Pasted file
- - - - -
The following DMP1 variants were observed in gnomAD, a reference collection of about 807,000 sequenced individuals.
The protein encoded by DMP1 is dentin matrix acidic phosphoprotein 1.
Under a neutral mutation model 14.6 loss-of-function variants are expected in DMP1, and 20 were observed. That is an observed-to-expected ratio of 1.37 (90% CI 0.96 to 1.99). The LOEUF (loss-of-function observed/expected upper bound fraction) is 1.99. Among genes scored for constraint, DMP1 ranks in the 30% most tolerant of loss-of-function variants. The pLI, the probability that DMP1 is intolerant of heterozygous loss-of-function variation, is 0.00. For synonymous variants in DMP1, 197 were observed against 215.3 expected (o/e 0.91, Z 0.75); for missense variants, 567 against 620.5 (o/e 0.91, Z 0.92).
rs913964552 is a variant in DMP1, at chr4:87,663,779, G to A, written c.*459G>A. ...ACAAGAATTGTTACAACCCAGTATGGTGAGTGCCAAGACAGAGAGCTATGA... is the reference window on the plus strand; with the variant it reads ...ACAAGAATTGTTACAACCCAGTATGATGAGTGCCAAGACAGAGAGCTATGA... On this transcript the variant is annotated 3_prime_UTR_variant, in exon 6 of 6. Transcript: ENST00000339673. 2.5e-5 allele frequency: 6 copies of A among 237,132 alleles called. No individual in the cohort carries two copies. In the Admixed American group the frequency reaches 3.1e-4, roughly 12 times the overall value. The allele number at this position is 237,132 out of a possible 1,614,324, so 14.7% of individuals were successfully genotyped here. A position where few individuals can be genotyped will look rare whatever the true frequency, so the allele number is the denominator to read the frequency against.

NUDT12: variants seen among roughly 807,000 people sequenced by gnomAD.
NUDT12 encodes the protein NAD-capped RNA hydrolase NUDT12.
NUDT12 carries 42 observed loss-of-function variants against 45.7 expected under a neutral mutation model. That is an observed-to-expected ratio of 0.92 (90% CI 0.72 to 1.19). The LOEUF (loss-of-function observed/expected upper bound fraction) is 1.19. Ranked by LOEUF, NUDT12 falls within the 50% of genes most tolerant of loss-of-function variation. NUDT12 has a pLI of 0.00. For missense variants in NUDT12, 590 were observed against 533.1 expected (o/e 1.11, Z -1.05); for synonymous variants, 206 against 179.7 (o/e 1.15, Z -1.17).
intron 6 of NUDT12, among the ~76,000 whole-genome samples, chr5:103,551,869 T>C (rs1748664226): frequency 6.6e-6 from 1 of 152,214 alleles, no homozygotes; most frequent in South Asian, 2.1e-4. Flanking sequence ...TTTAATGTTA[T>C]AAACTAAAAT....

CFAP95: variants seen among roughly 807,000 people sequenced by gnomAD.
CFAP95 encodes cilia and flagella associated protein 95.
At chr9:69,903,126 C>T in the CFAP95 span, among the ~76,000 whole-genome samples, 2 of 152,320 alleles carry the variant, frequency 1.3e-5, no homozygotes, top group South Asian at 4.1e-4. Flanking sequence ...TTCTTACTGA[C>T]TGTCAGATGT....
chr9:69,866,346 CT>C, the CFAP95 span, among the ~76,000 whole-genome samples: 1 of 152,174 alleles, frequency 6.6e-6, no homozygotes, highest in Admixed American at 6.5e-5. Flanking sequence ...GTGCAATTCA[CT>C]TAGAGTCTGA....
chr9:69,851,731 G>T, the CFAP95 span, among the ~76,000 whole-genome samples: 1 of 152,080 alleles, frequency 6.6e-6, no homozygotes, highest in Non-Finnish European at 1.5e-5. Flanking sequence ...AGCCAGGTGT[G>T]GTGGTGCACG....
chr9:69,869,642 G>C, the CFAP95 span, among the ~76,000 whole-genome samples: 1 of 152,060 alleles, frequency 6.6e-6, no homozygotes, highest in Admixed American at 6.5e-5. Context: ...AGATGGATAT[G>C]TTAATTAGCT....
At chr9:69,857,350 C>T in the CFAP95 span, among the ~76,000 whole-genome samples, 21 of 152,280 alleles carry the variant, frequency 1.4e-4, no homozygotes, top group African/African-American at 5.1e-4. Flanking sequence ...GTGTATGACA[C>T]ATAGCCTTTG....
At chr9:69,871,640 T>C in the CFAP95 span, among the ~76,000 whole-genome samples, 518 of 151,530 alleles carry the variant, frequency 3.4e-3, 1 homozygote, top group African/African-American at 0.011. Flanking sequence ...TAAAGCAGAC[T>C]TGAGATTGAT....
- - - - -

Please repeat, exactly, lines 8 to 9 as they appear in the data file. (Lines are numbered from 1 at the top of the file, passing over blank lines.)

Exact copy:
intron 6 of NUDT12, among the ~76,000 whole-genome samples, chr5:103,551,869 T>C (rs1748664226): frequency 6.6e-6 from 1 of 152,214 alleles, no homozygotes; most frequent in South Asian, 2.1e-4. Flanking sequence ...TTTAATGTTA[T>C]AAACTAAAAT....

CFAP95: variants seen among roughly 807,000 people sequenced by gnomAD.